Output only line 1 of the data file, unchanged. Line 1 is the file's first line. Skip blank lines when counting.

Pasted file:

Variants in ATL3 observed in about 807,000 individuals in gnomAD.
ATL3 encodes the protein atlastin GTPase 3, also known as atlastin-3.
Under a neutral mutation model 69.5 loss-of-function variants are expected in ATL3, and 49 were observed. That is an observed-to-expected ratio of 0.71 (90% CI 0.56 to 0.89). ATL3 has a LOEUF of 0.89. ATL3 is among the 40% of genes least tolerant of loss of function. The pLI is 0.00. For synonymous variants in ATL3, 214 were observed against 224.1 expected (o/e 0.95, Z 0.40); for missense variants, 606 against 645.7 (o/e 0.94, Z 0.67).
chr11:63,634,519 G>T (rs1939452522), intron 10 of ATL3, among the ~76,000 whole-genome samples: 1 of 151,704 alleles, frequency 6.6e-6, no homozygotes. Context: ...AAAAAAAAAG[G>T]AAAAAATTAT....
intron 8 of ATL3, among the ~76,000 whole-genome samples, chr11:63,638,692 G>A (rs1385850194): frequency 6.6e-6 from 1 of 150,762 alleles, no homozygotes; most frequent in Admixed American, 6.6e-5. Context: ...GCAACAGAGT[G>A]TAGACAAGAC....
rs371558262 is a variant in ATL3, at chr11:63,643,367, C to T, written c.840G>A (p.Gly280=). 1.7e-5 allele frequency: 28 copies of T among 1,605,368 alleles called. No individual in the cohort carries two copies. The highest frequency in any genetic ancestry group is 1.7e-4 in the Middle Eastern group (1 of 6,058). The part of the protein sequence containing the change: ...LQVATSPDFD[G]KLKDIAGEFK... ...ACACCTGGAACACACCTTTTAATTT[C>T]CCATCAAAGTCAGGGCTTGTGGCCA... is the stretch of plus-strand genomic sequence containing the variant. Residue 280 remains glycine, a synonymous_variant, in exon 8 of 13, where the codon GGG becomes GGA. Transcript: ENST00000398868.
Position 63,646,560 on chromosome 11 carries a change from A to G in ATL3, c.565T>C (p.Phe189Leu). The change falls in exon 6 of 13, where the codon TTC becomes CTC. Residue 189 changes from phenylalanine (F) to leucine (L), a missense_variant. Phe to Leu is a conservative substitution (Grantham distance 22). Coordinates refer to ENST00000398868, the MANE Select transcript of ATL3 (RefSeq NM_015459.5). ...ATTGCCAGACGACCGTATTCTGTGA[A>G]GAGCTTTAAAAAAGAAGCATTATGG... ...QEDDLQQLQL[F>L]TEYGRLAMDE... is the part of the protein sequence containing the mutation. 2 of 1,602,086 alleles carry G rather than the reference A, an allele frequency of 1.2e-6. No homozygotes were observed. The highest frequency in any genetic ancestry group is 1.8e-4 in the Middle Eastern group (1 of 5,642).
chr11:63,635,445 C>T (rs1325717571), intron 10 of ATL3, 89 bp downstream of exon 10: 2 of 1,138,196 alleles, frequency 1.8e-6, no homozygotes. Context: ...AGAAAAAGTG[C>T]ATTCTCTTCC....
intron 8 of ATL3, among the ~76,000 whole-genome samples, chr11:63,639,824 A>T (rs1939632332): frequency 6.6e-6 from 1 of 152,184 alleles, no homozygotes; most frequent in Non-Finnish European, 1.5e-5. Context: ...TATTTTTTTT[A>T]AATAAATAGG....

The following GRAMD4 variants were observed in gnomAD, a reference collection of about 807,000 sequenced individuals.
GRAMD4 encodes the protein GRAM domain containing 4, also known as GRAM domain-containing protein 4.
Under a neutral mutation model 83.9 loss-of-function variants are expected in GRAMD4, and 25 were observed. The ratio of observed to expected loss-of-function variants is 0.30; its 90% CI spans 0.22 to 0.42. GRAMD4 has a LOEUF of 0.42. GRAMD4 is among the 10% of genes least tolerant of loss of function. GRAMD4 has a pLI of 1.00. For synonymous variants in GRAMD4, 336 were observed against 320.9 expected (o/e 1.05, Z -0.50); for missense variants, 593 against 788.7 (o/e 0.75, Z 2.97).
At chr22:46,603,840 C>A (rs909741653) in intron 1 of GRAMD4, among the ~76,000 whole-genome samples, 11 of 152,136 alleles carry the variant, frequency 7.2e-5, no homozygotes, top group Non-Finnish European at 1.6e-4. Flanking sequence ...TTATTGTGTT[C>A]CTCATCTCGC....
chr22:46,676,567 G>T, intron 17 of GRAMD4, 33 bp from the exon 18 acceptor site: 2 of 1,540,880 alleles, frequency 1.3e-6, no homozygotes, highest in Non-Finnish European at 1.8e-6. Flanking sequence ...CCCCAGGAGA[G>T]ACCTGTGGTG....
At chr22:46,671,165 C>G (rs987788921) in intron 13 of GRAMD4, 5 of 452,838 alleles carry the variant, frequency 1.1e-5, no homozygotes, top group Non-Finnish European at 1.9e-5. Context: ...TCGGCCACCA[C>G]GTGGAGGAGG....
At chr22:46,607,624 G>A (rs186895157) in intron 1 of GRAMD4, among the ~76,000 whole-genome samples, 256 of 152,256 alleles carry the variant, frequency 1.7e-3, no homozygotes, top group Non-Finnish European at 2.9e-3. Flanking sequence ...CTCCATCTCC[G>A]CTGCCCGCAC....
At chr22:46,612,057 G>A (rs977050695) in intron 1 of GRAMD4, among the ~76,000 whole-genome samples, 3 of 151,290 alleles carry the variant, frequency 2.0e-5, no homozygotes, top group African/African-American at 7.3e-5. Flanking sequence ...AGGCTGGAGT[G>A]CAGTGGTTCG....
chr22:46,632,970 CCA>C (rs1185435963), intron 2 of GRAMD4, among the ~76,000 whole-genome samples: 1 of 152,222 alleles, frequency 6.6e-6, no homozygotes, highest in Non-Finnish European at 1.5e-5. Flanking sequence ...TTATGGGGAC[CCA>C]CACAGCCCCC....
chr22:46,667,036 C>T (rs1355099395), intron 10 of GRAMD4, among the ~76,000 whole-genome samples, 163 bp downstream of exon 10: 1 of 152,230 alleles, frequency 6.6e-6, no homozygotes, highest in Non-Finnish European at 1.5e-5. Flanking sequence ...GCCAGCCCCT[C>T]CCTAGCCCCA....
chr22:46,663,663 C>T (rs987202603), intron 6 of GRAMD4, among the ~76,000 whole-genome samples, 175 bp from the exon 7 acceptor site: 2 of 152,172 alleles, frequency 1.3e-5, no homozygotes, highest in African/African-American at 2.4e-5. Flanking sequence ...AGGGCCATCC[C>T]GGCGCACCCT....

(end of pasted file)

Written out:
Variants in ATL3 observed in about 807,000 individuals in gnomAD.